When children hate school

Thierry Manzi, 10, in P4, loved school and always repeated what he learnt every day when he got home. His mum was recently taken back when he said he hated school. It’s after a series of talks and negotiations that he tried to love school again.  Why the sudden hatred? 

Thierry Manzi, 10, in P4, loved school and always repeated what he learnt every day when he got home. His mum was recently taken back when he said he hated school. It’s after a series of talks and negotiations that he tried to love school again.  Why the sudden hatred? 

“Once a child gets to a tricky grade in school, it becomes a lot more academic,” says Cynthia Tobias, author of I Hate School: How to Help Your Child Love Learning. 

 

“Tests become the key measure of what kids have learned, and the focus often changes to what they can’t do well. Combine this with growing social pressure and it’s not surprising your child is less than thrilled about her classes,” she added. 

 

Rosemary Karoro, a teacher at St Josephs Schools says it’s wise to get your child to identify exactly what frustrates them.   “It takes a series of conversations and some time to figure this out. Not forgetting that you and your child also have to brainstorm solutions to the problem together. Sometimes it’s about the many notes she is being given, or too much home work and other times it could even be a teacher that is harsh and causes a lot of fear,” she noted. 

 

Being honest with your child will also help them a lot. It’s okay to acknowledge that some subjects may always be boring or difficult. You need to convey that the child may not love every class, but school’s still important. Remind your child about their future dream to be a doctor or engineer or pilot and let them know that they can only get there if they love school.  

What to do when your child says, “I hate school!”

Get to the heart of the matter by finding the root cause for your child’s feelings. Set aside some time to have a one-on-one conversation with your child about school. Ask open ended questions to learn more about what they really like and dislike about school. The most important role parents play in this conversation is that of an active listener. Now is the time to really hear what your child has to say and not give your opinions. Once you have an idea as to which reason(s) are behind your child’s feelings then it is easier to begin brainstorming solutions.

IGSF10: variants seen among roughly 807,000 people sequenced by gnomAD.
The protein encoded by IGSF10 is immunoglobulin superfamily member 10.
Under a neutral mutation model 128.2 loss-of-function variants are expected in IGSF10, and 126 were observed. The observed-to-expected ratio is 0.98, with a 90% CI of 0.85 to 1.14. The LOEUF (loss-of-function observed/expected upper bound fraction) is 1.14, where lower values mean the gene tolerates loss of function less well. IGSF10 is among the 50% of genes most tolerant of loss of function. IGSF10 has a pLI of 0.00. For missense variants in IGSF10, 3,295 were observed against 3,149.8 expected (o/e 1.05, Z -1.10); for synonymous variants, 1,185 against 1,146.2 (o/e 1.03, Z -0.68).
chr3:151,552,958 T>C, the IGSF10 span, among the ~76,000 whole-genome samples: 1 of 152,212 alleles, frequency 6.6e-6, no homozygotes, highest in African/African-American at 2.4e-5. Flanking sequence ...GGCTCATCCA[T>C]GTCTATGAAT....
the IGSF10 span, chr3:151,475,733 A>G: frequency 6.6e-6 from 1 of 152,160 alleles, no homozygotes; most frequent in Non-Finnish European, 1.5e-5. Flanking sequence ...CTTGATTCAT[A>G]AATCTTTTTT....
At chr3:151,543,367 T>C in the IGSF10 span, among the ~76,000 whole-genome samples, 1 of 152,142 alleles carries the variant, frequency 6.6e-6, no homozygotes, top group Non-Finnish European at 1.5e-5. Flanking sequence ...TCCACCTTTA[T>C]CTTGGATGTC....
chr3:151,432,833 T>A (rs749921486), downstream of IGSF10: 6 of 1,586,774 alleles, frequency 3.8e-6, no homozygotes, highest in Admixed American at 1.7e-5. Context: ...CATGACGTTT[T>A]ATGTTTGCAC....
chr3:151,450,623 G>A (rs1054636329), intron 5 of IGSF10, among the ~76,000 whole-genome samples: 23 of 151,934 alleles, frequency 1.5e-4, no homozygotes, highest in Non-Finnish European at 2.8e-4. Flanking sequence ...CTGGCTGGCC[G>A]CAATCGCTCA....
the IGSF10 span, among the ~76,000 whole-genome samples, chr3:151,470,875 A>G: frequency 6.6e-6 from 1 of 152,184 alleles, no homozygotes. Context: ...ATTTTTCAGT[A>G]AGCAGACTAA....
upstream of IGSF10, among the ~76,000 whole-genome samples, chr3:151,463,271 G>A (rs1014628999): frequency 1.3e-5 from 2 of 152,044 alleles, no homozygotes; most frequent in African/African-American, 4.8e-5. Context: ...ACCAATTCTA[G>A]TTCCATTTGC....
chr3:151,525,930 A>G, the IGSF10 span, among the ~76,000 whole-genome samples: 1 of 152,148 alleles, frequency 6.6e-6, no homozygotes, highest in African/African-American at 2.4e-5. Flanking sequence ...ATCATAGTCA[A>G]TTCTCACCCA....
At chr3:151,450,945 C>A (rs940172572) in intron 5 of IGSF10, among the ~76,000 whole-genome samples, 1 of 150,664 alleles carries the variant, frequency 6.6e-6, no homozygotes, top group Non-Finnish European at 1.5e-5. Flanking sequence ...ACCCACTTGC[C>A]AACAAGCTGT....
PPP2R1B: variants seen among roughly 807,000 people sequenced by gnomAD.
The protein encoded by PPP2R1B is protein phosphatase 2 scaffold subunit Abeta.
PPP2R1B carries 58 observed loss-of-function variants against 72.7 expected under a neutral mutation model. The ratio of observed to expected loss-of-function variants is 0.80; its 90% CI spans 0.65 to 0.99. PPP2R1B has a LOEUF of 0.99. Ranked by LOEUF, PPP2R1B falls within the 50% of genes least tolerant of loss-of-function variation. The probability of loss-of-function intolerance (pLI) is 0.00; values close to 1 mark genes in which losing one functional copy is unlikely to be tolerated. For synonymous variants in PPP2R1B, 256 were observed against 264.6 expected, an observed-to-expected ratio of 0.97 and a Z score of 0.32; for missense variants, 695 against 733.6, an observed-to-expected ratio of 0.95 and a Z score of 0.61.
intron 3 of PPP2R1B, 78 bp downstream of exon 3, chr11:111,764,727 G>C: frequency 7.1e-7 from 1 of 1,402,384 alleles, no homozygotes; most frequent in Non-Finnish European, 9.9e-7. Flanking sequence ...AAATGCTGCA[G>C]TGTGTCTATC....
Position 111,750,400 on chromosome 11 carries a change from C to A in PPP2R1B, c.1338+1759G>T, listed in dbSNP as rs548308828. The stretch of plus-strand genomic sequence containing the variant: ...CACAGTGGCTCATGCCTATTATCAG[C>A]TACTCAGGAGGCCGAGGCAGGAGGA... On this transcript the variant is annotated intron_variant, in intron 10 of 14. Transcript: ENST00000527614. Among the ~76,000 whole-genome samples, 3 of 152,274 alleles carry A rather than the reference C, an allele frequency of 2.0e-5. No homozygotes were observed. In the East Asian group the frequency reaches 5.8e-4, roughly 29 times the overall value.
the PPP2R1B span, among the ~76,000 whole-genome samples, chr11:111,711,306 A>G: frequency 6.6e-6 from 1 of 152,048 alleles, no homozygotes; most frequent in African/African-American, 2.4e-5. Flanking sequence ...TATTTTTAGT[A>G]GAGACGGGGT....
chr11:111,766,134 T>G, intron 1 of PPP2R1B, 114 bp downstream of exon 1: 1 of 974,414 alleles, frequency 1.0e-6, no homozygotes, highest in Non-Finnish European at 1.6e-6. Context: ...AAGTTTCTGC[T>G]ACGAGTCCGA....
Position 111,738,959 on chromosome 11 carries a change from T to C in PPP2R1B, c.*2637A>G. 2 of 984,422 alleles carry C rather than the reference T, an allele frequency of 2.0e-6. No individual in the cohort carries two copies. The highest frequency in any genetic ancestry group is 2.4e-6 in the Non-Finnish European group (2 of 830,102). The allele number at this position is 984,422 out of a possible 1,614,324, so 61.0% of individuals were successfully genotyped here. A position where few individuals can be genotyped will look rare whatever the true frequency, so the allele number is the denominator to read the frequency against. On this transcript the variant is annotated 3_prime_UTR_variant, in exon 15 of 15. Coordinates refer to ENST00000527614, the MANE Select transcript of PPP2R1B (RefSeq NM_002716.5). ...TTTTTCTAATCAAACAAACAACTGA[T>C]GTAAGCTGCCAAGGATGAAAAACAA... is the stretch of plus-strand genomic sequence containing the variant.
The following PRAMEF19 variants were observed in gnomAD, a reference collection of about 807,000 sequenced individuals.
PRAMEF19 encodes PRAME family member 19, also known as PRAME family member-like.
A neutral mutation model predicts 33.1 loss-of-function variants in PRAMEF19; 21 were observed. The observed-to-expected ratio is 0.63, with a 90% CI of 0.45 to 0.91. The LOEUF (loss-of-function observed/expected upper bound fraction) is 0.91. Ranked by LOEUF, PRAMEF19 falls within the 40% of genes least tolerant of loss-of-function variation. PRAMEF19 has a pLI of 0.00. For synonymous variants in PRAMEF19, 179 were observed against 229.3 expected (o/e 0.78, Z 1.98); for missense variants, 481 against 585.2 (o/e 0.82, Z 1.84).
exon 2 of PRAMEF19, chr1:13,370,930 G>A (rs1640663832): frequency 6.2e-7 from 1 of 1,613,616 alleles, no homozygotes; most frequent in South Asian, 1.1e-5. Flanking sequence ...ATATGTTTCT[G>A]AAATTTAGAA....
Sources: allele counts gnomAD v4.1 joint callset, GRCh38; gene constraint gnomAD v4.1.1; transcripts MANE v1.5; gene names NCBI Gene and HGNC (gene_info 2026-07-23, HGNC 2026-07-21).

Meet with your child’s teacher(s) and discuss your child’s concerns. The best way to do this is to address the concerns in a positive manner. Together with the teacher brainstorm strategies for making the school or classroom experience more positive.

Encourage your child to take a learning style inventory and then share the info with your child’s teacher. This helps the teacher learn a little bit more about what makes your child “tick”. Education World actually created a lesson plan for teachers to help them learn how to use learning style inventories in the classroom. You can do it with your child at home. 

Share your child’s sparks with his or her teacher(s). The special ability or interest kids have is their spark. Teachers can work with approximately 25 to 200 kids every day and it can be a challenge to learn what makes every child tick. Most teachers really want their classes to be relevant to their students, so the more you share; the easier it is for the teacher to tap into those interests during class.

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